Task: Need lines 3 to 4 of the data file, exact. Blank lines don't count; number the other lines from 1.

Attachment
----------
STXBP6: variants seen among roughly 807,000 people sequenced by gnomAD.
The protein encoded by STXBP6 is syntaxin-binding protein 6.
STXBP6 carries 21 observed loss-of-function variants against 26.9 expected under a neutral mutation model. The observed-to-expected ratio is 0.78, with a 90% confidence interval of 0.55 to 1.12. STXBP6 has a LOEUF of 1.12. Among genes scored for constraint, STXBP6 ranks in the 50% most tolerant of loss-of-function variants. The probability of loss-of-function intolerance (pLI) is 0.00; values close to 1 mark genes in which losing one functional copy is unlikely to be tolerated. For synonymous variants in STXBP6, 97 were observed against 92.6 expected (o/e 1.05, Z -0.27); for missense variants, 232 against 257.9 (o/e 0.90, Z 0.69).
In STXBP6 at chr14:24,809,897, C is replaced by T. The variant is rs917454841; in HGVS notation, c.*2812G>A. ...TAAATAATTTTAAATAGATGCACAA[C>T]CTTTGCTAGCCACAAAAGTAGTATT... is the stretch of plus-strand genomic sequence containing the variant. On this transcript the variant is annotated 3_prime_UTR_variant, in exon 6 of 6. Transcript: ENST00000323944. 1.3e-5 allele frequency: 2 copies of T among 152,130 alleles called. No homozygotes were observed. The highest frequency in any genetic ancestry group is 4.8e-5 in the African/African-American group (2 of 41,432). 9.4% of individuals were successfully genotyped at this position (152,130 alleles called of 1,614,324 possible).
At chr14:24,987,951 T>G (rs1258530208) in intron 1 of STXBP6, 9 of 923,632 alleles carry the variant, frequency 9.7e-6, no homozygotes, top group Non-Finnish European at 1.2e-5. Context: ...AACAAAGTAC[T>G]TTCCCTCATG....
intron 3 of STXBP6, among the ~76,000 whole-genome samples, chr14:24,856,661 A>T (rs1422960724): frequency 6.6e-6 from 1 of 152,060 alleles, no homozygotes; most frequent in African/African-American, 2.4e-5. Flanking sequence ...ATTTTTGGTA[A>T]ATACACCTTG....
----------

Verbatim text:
STXBP6 carries 21 observed loss-of-function variants against 26.9 expected under a neutral mutation model. The observed-to-expected ratio is 0.78, with a 90% confidence interval of 0.55 to 1.12. STXBP6 has a LOEUF of 1.12. Among genes scored for constraint, STXBP6 ranks in the 50% most tolerant of loss-of-function variants. The probability of loss-of-function intolerance (pLI) is 0.00; values close to 1 mark genes in which losing one functional copy is unlikely to be tolerated. For synonymous variants in STXBP6, 97 were observed against 92.6 expected (o/e 1.05, Z -0.27); for missense variants, 232 against 257.9 (o/e 0.90, Z 0.69).
In STXBP6 at chr14:24,809,897, C is replaced by T. The variant is rs917454841; in HGVS notation, c.*2812G>A. ...TAAATAATTTTAAATAGATGCACAA[C>T]CTTTGCTAGCCACAAAAGTAGTATT... is the stretch of plus-strand genomic sequence containing the variant. On this transcript the variant is annotated 3_prime_UTR_variant, in exon 6 of 6. Transcript: ENST00000323944. 1.3e-5 allele frequency: 2 copies of T among 152,130 alleles called. No homozygotes were observed. The highest frequency in any genetic ancestry group is 4.8e-5 in the African/African-American group (2 of 41,432). 9.4% of individuals were successfully genotyped at this position (152,130 alleles called of 1,614,324 possible).